- An entire niche market within the gun/gun accessory market has sprung up around this concept (especially "racegun" competitions), ranging from pistols optimized to reduce drawing, aiming, and reload times as much as possible and holsters designed to reduce draw times as much as possible◊. Virtually all of these accessories and modifications are too bulky, expensive, or impractical for self-defense/concealed carry/police and military use.
- Longhair Jim Courtright invited Luke Short outside to discuss their ongoing feud. They went out into the street and faced each other. Courtright then proceeded to threaten Short, before reaching to pull his gun. It got caught on part of his clothes, and then Luke Short drew his own gun and fired it from the hip. The shot hit Courtright in the thumb before traveling into his body. As Courtright attempted to shift the gun to his other hand, Short raised his own gun and fired into him four more times, killing him. It was ruled a justifiable homicide.
- Jim Levy got into a gambling argument with Charlie Harrison. They ended up agreeing to meet in the streets. Both drew, but all of Harrison's shots went wild. Levy took more careful aim and hit Harrison, who fell down. Then Levy walked up to him, stood over him, and shot him again for good measure. This ended the duel.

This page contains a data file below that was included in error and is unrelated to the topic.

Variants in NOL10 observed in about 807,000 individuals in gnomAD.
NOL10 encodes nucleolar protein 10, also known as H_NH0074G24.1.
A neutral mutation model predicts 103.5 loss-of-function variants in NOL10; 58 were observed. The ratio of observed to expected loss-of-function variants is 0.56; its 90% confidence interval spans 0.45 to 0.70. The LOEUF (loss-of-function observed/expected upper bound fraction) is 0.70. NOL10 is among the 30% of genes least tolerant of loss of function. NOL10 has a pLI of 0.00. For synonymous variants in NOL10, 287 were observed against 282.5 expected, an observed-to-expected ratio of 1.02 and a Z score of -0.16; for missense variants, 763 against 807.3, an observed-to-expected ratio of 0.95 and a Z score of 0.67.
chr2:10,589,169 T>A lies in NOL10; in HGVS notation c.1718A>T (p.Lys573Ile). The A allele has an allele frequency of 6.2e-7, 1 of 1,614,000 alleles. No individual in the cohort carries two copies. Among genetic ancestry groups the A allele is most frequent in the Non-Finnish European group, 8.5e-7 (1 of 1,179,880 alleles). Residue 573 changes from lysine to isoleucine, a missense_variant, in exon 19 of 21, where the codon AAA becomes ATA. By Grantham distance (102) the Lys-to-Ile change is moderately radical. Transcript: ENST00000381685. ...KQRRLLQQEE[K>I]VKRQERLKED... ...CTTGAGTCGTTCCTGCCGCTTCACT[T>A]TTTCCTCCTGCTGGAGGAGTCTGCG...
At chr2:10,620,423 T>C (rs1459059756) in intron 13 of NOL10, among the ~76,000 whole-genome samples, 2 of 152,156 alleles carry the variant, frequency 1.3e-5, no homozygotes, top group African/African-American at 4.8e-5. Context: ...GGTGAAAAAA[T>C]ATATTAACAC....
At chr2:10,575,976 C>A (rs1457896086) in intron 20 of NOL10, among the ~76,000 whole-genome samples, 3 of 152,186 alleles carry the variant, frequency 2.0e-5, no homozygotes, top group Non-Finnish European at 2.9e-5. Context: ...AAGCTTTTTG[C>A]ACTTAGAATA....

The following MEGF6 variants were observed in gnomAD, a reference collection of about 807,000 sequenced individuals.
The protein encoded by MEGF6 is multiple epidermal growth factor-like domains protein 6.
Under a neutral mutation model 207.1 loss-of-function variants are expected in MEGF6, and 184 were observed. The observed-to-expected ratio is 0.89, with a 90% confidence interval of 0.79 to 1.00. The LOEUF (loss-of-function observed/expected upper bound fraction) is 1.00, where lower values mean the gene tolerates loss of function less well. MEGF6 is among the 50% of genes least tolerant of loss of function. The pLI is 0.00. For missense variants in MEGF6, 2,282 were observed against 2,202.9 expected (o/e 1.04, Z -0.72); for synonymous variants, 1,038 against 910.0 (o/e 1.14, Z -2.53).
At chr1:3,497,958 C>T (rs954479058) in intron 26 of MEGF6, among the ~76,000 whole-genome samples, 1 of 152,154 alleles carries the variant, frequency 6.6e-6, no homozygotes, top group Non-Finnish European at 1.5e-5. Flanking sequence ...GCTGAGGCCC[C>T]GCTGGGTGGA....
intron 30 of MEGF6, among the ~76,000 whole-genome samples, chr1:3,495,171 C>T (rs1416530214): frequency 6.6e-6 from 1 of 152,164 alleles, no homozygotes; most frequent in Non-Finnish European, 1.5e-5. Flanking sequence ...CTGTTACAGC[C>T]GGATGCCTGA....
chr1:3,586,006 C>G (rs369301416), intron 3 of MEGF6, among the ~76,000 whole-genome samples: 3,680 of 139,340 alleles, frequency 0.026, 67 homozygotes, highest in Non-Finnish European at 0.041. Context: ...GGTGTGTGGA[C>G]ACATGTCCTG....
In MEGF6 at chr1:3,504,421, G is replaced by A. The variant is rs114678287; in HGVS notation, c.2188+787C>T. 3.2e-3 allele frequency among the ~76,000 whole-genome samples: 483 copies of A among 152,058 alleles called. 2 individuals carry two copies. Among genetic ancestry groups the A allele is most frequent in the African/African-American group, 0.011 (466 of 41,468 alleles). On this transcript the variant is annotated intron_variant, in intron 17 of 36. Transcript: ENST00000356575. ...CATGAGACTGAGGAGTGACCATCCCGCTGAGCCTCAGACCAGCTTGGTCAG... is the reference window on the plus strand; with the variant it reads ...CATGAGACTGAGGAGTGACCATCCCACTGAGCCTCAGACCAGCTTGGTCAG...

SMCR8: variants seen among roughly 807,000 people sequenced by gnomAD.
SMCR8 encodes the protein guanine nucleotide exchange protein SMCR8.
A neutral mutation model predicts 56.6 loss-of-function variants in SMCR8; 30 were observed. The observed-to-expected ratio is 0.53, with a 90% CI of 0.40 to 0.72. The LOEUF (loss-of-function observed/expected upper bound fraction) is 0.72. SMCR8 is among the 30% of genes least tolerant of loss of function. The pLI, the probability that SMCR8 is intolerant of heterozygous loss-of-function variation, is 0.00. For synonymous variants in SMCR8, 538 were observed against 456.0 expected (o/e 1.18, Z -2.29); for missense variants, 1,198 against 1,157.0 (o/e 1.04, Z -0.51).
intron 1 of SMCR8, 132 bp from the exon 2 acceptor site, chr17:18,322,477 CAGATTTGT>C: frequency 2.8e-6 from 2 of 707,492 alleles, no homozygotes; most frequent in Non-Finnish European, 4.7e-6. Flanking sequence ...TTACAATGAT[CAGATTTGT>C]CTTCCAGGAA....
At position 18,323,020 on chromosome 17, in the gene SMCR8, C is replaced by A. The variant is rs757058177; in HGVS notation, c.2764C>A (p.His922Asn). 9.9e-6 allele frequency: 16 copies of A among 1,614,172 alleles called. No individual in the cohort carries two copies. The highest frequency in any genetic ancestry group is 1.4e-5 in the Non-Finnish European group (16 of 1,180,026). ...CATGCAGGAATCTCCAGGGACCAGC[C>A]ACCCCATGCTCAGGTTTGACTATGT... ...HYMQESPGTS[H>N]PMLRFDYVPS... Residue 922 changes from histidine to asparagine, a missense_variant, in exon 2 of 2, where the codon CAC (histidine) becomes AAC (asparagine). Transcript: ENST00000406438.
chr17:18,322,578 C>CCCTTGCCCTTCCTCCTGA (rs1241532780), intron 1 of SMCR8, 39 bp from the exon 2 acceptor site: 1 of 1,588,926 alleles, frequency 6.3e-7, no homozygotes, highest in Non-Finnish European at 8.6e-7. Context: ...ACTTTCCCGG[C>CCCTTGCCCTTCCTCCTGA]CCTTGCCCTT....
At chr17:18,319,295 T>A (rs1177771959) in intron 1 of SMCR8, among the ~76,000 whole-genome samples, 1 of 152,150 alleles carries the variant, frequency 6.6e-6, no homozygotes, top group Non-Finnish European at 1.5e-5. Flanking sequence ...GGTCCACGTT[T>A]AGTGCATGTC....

- Wild Bill Hickock and Davis Tutt got into an argument over gambling issues. When they met in the street, Hickock warned Tutt not to approach him. Both made threatening gestures towards their guns, until both drew and fired. Tutt missed, Hickock did not. Note that they were dueling with pistols from 75 yards away.
- Note that contrary to what video games will tell you, handguns are generally designed to be able to fire at least 100 yards accurately, and sometimes 200 yards or more.
- Modern pistols. Hickock was using an 1851 Colt Navy, a cap-and-ball revolver that was generally only accurate to around 30-40 yards. Not only did he hit his opponent at roughly twice the gun's recommended distance, he hit Tutt while he was in a "standard" dueling position (meaning he was facing to the side, with his arm outstretched to present the smallest possible target).
- Note that contrary to what video games will tell you, handguns are generally designed to be able to fire at least 100 yards accurately, and sometimes 200 yards or more.
- The Bridgeport Rig is a specialized holster that places the gun on a pivot that slides out, making for extremely quick draws in the right hands. While cowboy movies make some use of the design, there's no evidence they were used in any real life shoot outs.